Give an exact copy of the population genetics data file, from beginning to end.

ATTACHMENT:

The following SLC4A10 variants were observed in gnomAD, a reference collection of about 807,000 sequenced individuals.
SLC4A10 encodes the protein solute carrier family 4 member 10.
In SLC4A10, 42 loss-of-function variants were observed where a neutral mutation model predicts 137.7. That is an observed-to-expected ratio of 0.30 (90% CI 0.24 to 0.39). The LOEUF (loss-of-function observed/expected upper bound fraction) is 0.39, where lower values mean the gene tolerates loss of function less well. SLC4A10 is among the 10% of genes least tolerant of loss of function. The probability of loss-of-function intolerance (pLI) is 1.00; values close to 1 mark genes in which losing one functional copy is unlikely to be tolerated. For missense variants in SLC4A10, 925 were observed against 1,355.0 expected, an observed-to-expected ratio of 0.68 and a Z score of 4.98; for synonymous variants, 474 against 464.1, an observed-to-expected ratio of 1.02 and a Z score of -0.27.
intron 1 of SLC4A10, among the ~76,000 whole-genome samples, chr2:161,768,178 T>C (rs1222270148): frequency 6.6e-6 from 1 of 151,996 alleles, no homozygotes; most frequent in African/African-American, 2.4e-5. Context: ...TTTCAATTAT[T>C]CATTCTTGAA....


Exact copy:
The following SLC4A10 variants were observed in gnomAD, a reference collection of about 807,000 sequenced individuals.
SLC4A10 encodes the protein solute carrier family 4 member 10.
In SLC4A10, 42 loss-of-function variants were observed where a neutral mutation model predicts 137.7. That is an observed-to-expected ratio of 0.30 (90% CI 0.24 to 0.39). The LOEUF (loss-of-function observed/expected upper bound fraction) is 0.39, where lower values mean the gene tolerates loss of function less well. SLC4A10 is among the 10% of genes least tolerant of loss of function. The probability of loss-of-function intolerance (pLI) is 1.00; values close to 1 mark genes in which losing one functional copy is unlikely to be tolerated. For missense variants in SLC4A10, 925 were observed against 1,355.0 expected, an observed-to-expected ratio of 0.68 and a Z score of 4.98; for synonymous variants, 474 against 464.1, an observed-to-expected ratio of 1.02 and a Z score of -0.27.
intron 1 of SLC4A10, among the ~76,000 whole-genome samples, chr2:161,768,178 T>C (rs1222270148): frequency 6.6e-6 from 1 of 151,996 alleles, no homozygotes; most frequent in African/African-American, 2.4e-5. Context: ...TTTCAATTAT[T>C]CATTCTTGAA....